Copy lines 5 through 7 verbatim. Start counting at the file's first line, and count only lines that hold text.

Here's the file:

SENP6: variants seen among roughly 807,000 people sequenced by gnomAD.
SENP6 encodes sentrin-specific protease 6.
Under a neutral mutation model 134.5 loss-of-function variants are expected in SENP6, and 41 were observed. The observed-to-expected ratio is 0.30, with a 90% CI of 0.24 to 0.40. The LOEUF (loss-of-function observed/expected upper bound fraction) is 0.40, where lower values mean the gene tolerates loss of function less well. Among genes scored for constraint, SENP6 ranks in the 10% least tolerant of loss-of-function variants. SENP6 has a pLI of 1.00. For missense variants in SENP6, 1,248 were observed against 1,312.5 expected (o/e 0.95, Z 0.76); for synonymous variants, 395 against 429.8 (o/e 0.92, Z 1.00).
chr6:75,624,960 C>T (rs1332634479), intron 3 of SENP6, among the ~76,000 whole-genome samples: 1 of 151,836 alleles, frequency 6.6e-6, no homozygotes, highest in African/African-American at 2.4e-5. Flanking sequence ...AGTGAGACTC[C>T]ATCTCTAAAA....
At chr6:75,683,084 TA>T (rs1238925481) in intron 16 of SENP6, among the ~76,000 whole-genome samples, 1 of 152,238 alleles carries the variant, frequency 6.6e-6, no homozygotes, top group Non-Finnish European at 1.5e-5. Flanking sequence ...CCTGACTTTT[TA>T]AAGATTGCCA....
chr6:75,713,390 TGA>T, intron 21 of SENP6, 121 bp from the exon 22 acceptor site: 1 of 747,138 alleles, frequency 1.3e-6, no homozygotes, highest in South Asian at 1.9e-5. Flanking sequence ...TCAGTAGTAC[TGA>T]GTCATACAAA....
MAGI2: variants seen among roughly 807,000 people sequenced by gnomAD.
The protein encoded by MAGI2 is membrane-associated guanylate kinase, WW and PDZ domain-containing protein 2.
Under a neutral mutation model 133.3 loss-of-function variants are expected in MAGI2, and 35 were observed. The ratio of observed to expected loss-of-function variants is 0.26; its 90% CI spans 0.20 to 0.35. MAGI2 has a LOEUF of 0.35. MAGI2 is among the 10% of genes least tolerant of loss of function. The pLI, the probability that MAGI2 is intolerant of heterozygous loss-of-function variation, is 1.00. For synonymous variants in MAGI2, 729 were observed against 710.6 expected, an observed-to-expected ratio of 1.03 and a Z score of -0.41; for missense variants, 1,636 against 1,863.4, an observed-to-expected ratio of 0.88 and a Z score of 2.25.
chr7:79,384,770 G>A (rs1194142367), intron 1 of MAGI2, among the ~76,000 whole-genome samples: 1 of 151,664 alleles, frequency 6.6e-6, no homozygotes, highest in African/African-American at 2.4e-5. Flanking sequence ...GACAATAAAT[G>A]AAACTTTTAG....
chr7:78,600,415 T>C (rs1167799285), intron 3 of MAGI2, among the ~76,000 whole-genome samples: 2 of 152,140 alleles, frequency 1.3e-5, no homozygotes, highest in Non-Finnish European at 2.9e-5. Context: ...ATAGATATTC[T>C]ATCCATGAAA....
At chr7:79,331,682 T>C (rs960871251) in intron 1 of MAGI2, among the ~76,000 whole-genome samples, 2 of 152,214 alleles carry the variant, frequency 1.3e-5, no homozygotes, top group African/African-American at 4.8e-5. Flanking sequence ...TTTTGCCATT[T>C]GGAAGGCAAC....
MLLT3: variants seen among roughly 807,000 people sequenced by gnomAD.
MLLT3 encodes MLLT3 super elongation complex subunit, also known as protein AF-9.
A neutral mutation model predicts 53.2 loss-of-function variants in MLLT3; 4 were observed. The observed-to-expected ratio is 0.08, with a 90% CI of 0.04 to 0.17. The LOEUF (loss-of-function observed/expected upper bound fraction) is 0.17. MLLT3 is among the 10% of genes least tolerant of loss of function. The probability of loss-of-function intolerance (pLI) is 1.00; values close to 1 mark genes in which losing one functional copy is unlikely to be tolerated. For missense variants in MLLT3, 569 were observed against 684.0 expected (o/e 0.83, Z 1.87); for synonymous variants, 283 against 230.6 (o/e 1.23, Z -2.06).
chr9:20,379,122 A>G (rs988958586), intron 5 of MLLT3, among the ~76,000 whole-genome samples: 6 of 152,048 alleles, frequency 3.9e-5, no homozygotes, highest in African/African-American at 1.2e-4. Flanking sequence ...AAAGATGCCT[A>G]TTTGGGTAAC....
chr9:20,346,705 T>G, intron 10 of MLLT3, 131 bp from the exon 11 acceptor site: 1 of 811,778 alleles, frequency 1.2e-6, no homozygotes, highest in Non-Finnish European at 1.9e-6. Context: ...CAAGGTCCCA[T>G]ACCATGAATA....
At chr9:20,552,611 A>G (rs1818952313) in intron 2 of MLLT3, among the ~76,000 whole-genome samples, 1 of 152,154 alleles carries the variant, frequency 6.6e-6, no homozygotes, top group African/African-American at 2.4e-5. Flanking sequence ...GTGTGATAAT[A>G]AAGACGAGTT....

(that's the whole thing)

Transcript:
At chr6:75,683,084 TA>T (rs1238925481) in intron 16 of SENP6, among the ~76,000 whole-genome samples, 1 of 152,238 alleles carries the variant, frequency 6.6e-6, no homozygotes, top group Non-Finnish European at 1.5e-5. Flanking sequence ...CCTGACTTTT[TA>T]AAGATTGCCA....
chr6:75,713,390 TGA>T, intron 21 of SENP6, 121 bp from the exon 22 acceptor site: 1 of 747,138 alleles, frequency 1.3e-6, no homozygotes, highest in South Asian at 1.9e-5. Flanking sequence ...TCAGTAGTAC[TGA>T]GTCATACAAA....
MAGI2: variants seen among roughly 807,000 people sequenced by gnomAD.